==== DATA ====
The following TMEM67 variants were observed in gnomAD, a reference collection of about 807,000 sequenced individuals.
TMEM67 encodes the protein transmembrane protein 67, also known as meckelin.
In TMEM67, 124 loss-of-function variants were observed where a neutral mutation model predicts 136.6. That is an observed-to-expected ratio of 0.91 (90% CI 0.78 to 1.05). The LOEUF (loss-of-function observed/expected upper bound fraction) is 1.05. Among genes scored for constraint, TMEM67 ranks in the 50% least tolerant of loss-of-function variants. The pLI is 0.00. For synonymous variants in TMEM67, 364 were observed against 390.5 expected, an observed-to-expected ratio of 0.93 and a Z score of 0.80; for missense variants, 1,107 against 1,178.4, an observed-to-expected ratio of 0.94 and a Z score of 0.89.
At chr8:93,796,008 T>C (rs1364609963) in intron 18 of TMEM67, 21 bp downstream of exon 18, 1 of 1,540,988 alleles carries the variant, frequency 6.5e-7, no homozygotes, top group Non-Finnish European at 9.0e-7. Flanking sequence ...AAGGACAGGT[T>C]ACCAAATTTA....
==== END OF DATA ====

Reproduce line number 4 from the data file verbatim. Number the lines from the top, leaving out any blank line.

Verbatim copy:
At chr8:93,796,008 T>C (rs1364609963) in intron 18 of TMEM67, 21 bp downstream of exon 18, 1 of 1,540,988 alleles carries the variant, frequency 6.5e-7, no homozygotes, top group Non-Finnish European at 9.0e-7. Flanking sequence ...AAGGACAGGT[T>C]ACCAAATTTA....